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How can I restart a Java AWT application? I have a button to which I have attached an event handler. What code should I use to restart the application?

I want to do the same thing that Application.Restart() do in a C# application.

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2  
Maybe I don't understand your question. You want your application to have a button that restarts the application? So, after the app is no longer running, it should be able to restart itself? That sounds impossible to me. – Jay Nov 11 '10 at 22:23
    
I m not asking that after JVM stops, i m asking that how can i respawn my main java frame? – Azfar Niaz Nov 11 '10 at 22:30
1  
Not impossible. I see the eclipse workbench frequently restart, even windows does this trick after updates. The false assumption is that the application is the only thing running with nothing underneath it. We will need a restart capable launcher, turtles all the way down. – whatnick Nov 11 '10 at 22:33
    
just the same way as in C# application, where u can write System.restart() to do so ? – Azfar Niaz Nov 11 '10 at 22:35
    
@aniaz then you should update the question to point out you want to show/hide the frame. The application is NOT the Frame. – whatnick Nov 11 '10 at 22:36

12 Answers 12

up vote 78 down vote accepted

Of course it is possible to restart a Java application.

The following method shows a way to restart a Java application:

public void restartApplication()
{
  final String javaBin = System.getProperty("java.home") + File.separator + "bin" + File.separator + "java";
  final File currentJar = new File(MyClassInTheJar.class.getProtectionDomain().getCodeSource().getLocation().toURI());

  /* is it a jar file? */
  if(!currentJar.getName().endsWith(".jar"))
    return;

  /* Build command: java -jar application.jar */
  final ArrayList<String> command = new ArrayList<String>();
  command.add(javaBin);
  command.add("-jar");
  command.add(currentJar.getPath());

  final ProcessBuilder builder = new ProcessBuilder(command);
  builder.start();
  System.exit(0);
}

Basically it does the following:

  1. Find the java executable (I used the java binary here, but that depends on your requirements)
  2. Find the application (a jar in my case, using the MyClassInTheJar class to find the jar location itself)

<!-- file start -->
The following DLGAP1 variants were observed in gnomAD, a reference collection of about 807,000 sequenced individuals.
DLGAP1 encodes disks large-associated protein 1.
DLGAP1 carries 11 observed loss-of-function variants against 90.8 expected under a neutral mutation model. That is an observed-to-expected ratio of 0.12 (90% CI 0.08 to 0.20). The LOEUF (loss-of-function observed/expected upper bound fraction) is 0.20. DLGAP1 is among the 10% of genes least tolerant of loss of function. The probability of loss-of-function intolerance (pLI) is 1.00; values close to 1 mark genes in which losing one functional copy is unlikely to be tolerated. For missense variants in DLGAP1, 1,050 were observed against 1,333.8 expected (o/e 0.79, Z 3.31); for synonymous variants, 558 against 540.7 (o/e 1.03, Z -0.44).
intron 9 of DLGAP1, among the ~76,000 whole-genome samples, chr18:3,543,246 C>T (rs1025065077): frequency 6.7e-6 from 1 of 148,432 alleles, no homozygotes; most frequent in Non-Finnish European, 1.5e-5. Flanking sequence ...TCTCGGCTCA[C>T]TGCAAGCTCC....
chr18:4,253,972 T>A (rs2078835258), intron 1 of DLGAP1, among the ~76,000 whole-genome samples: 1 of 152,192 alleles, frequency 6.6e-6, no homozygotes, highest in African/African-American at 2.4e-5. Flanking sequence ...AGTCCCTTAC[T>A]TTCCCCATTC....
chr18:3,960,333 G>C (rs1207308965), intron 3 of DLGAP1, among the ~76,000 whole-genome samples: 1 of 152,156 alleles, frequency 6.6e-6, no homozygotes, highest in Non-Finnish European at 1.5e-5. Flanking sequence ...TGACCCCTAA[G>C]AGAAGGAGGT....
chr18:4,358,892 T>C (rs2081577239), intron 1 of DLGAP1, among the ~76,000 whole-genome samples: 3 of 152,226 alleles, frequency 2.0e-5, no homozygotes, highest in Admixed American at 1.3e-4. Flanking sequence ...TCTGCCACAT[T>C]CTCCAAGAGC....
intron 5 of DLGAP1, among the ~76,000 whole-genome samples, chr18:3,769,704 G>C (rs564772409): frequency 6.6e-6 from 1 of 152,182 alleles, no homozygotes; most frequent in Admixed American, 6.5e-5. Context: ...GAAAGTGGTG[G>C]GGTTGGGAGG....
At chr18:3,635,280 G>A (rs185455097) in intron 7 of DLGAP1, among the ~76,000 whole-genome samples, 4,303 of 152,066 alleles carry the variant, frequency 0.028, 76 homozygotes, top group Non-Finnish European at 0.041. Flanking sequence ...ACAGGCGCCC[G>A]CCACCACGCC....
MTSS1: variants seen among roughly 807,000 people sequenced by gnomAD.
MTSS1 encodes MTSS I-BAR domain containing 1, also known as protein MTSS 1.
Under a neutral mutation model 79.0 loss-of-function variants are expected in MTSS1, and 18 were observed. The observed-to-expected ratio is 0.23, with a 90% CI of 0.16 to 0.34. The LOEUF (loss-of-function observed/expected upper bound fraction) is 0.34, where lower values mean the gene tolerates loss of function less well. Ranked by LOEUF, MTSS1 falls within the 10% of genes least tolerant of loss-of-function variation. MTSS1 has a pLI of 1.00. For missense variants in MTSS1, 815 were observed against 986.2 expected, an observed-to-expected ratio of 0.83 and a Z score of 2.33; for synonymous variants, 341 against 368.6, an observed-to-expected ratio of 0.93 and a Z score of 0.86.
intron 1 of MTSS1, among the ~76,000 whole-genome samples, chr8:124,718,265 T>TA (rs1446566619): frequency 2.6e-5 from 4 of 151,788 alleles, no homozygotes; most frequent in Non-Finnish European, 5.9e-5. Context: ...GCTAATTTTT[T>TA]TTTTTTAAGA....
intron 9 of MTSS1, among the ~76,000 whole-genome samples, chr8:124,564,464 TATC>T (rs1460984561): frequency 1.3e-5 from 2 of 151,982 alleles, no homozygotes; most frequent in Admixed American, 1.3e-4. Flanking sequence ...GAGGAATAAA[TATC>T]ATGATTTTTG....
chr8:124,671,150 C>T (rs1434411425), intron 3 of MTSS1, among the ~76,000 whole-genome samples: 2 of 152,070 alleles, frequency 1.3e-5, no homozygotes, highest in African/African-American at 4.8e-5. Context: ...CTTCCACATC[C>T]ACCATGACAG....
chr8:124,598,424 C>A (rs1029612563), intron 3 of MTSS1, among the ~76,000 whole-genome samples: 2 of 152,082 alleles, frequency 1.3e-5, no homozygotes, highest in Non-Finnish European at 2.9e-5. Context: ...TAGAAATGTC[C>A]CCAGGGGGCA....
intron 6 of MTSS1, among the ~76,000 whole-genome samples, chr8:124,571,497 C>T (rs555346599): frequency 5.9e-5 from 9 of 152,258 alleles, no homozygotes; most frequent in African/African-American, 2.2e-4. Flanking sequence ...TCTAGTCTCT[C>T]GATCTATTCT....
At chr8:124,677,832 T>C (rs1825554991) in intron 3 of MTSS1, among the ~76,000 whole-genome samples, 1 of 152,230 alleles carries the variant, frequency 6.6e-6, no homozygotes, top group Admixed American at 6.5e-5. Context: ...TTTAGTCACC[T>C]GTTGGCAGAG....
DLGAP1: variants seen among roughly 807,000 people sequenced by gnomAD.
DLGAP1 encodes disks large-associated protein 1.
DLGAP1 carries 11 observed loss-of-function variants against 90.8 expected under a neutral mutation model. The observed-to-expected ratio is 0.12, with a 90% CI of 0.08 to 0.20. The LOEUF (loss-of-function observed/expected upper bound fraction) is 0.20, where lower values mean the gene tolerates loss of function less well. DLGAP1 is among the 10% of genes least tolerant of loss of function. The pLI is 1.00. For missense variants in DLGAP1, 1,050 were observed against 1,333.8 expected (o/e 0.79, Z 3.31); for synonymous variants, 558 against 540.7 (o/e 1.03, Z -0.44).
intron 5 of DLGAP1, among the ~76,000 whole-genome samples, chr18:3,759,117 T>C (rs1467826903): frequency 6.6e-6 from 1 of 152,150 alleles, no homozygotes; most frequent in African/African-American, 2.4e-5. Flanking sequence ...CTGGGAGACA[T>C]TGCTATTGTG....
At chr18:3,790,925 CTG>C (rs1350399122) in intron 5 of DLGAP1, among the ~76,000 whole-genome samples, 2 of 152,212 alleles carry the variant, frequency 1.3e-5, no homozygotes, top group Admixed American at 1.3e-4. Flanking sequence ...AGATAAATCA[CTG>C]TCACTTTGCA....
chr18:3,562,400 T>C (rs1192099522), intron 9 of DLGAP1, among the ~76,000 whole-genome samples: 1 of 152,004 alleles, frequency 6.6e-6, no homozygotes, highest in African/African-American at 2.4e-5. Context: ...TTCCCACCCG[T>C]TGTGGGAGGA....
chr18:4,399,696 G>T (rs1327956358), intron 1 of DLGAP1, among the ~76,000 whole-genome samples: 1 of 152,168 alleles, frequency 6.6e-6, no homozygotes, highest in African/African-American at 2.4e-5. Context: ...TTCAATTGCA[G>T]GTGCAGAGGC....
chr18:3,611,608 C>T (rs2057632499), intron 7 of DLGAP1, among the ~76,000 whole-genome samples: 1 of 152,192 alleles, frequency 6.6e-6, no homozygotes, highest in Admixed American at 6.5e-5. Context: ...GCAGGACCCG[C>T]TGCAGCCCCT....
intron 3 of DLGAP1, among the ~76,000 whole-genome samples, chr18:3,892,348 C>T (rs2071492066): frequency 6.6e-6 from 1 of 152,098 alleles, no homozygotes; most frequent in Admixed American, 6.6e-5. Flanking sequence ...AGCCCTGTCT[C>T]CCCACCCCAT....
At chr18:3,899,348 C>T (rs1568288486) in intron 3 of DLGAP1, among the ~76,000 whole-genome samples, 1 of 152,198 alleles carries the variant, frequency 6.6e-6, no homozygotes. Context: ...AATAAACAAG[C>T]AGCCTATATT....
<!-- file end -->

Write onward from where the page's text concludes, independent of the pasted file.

3. Build a command to restart the jar (using the java binary in this case)
  4. Execute it! (and thus terminating the current application and starting it again)
share|improve this answer
    
in what package is UpdateReportElements? strangely, i can't find this via Google. – ericsoco Jun 12 '13 at 0:53
1  
Isn't there a small time frame in which two versions of the same app are running at the same time? – Monir Oct 31 '14 at 16:27
3  
Will System.exit(0) not terminate the child process? – Horcrux7 Apr 21 '15 at 10:42
3  
@Veger Question whether System.exit(0) terminates the child process has the same answer as whether this answer really works and why. If you can't provide sensible explanation along with your answer, you did a bad job. Answer that provides more questions than it answers isn't an example of a thorough answer. Good answers do not just show the code but also explain how and why they work, that the drawbacks are and what are the alternatives. You didn't even try to cover these things. – Tomáš Zato May 1 '15 at 15:09
2  
To answer my questions self. The sample does not work !!! The System.exit(0) terminate the client process immediate. – Horcrux7 Jul 20 '15 at 9:14
import java.io.File;
import java.io.IOException;
import java.lang.management.ManagementFactory;

public class Main {
    public static void main(String[] args) throws IOException, InterruptedException {
        StringBuilder cmd = new StringBuilder();
        cmd.append(System.getProperty("java.home") + File.separator + "bin" + File.separator + "java ");
        for (String jvmArg : ManagementFactory.getRuntimeMXBean().getInputArguments()) {
            cmd.append(jvmArg + " ");